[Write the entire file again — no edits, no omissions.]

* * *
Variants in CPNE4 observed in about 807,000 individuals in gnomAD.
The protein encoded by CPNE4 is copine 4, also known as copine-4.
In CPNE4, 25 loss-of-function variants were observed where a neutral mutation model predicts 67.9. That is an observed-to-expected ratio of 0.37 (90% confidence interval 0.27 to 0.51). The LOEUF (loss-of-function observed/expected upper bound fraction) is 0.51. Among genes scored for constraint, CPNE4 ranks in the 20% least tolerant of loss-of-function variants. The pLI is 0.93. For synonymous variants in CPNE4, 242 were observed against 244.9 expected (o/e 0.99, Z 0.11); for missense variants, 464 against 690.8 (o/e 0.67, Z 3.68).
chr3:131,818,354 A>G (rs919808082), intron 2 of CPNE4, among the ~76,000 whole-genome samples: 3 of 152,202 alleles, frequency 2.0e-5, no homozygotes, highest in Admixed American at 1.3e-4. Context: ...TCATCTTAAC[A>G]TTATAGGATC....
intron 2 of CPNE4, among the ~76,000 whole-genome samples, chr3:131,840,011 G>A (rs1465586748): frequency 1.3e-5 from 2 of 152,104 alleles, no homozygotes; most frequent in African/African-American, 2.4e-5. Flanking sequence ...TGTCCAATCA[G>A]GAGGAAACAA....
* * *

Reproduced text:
Variants in CPNE4 observed in about 807,000 individuals in gnomAD.
The protein encoded by CPNE4 is copine 4, also known as copine-4.
In CPNE4, 25 loss-of-function variants were observed where a neutral mutation model predicts 67.9. That is an observed-to-expected ratio of 0.37 (90% confidence interval 0.27 to 0.51). The LOEUF (loss-of-function observed/expected upper bound fraction) is 0.51. Among genes scored for constraint, CPNE4 ranks in the 20% least tolerant of loss-of-function variants. The pLI is 0.93. For synonymous variants in CPNE4, 242 were observed against 244.9 expected (o/e 0.99, Z 0.11); for missense variants, 464 against 690.8 (o/e 0.67, Z 3.68).
chr3:131,818,354 A>G (rs919808082), intron 2 of CPNE4, among the ~76,000 whole-genome samples: 3 of 152,202 alleles, frequency 2.0e-5, no homozygotes, highest in Admixed American at 1.3e-4. Context: ...TCATCTTAAC[A>G]TTATAGGATC....
intron 2 of CPNE4, among the ~76,000 whole-genome samples, chr3:131,840,011 G>A (rs1465586748): frequency 1.3e-5 from 2 of 152,104 alleles, no homozygotes; most frequent in African/African-American, 2.4e-5. Flanking sequence ...TGTCCAATCA[G>A]GAGGAAACAA....